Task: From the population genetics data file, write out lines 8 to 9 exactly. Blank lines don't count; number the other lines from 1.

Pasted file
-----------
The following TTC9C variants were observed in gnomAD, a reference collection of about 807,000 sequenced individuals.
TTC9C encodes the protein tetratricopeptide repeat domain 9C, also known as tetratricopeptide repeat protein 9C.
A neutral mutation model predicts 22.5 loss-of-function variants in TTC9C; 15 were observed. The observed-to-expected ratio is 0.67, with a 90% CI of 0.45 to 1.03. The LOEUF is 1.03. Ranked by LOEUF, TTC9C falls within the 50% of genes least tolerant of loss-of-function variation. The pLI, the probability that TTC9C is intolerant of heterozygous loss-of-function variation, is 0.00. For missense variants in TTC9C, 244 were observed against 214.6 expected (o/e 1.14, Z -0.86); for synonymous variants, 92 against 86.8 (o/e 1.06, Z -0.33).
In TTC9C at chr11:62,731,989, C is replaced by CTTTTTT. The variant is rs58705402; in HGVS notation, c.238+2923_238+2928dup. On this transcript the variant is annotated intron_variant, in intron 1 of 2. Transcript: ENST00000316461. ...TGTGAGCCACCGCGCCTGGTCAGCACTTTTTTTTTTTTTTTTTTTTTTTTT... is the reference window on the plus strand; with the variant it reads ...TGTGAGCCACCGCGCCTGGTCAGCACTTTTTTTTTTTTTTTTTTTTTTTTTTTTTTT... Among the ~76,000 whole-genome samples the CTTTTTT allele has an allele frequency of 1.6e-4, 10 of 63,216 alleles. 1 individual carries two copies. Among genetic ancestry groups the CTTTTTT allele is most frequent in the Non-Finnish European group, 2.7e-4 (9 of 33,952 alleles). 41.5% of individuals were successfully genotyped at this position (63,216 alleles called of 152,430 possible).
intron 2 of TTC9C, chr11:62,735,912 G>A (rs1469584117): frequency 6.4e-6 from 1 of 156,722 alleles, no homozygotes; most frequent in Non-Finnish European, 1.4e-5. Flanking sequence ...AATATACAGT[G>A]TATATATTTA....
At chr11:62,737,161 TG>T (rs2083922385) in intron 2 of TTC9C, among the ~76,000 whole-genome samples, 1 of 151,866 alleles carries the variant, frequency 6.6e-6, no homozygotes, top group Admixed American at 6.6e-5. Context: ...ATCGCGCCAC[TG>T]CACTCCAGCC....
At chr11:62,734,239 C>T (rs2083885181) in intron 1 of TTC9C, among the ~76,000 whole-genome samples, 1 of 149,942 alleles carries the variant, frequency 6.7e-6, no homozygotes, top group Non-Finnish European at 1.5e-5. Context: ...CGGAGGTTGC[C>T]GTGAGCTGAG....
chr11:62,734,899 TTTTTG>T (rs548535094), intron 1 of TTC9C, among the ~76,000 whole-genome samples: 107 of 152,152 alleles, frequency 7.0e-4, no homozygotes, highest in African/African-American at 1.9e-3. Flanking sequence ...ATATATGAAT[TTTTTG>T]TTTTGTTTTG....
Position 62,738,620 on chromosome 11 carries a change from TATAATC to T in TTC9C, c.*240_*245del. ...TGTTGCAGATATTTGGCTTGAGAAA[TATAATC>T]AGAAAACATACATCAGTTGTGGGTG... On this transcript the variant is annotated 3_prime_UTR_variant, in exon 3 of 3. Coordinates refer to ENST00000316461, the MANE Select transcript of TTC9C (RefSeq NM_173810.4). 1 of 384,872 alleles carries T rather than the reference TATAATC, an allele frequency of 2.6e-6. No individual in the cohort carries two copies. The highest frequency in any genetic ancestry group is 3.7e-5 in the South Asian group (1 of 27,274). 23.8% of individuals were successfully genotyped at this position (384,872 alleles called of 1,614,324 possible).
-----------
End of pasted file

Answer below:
chr11:62,734,899 TTTTTG>T (rs548535094), intron 1 of TTC9C, among the ~76,000 whole-genome samples: 107 of 152,152 alleles, frequency 7.0e-4, no homozygotes, highest in African/African-American at 1.9e-3. Flanking sequence ...ATATATGAAT[TTTTTG>T]TTTTGTTTTG....
Position 62,738,620 on chromosome 11 carries a change from TATAATC to T in TTC9C, c.*240_*245del. ...TGTTGCAGATATTTGGCTTGAGAAA[TATAATC>T]AGAAAACATACATCAGTTGTGGGTG... On this transcript the variant is annotated 3_prime_UTR_variant, in exon 3 of 3. Coordinates refer to ENST00000316461, the MANE Select transcript of TTC9C (RefSeq NM_173810.4). 1 of 384,872 alleles carries T rather than the reference TATAATC, an allele frequency of 2.6e-6. No individual in the cohort carries two copies. The highest frequency in any genetic ancestry group is 3.7e-5 in the South Asian group (1 of 27,274). 23.8% of individuals were successfully genotyped at this position (384,872 alleles called of 1,614,324 possible).